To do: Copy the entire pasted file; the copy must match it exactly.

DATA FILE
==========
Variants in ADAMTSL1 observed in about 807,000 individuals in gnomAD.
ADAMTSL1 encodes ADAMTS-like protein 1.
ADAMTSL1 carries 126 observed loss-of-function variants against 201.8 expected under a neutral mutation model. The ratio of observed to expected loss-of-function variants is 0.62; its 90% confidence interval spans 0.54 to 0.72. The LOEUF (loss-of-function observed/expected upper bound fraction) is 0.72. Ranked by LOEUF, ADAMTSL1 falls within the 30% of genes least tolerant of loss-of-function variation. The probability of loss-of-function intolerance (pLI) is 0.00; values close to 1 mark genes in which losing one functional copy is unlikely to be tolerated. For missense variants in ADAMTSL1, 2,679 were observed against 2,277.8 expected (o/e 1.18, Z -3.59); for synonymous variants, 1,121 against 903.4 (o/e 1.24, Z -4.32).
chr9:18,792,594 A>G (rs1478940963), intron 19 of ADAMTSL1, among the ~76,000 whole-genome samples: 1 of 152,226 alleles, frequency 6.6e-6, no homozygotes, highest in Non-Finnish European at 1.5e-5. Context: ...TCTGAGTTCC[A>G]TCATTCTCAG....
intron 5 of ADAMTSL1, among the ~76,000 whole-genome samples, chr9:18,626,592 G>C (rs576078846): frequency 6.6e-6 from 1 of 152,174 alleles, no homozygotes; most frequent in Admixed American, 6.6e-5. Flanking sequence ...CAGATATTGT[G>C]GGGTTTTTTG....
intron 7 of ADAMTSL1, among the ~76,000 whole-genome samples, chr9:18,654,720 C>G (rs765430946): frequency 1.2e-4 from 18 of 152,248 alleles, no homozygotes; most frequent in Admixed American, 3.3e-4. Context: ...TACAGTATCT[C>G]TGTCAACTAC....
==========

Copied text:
Variants in ADAMTSL1 observed in about 807,000 individuals in gnomAD.
ADAMTSL1 encodes ADAMTS-like protein 1.
ADAMTSL1 carries 126 observed loss-of-function variants against 201.8 expected under a neutral mutation model. The ratio of observed to expected loss-of-function variants is 0.62; its 90% confidence interval spans 0.54 to 0.72. The LOEUF (loss-of-function observed/expected upper bound fraction) is 0.72. Ranked by LOEUF, ADAMTSL1 falls within the 30% of genes least tolerant of loss-of-function variation. The probability of loss-of-function intolerance (pLI) is 0.00; values close to 1 mark genes in which losing one functional copy is unlikely to be tolerated. For missense variants in ADAMTSL1, 2,679 were observed against 2,277.8 expected (o/e 1.18, Z -3.59); for synonymous variants, 1,121 against 903.4 (o/e 1.24, Z -4.32).
chr9:18,792,594 A>G (rs1478940963), intron 19 of ADAMTSL1, among the ~76,000 whole-genome samples: 1 of 152,226 alleles, frequency 6.6e-6, no homozygotes, highest in Non-Finnish European at 1.5e-5. Context: ...TCTGAGTTCC[A>G]TCATTCTCAG....
intron 5 of ADAMTSL1, among the ~76,000 whole-genome samples, chr9:18,626,592 G>C (rs576078846): frequency 6.6e-6 from 1 of 152,174 alleles, no homozygotes; most frequent in Admixed American, 6.6e-5. Flanking sequence ...CAGATATTGT[G>C]GGGTTTTTTG....
intron 7 of ADAMTSL1, among the ~76,000 whole-genome samples, chr9:18,654,720 C>G (rs765430946): frequency 1.2e-4 from 18 of 152,248 alleles, no homozygotes; most frequent in Admixed American, 3.3e-4. Context: ...TACAGTATCT[C>G]TGTCAACTAC....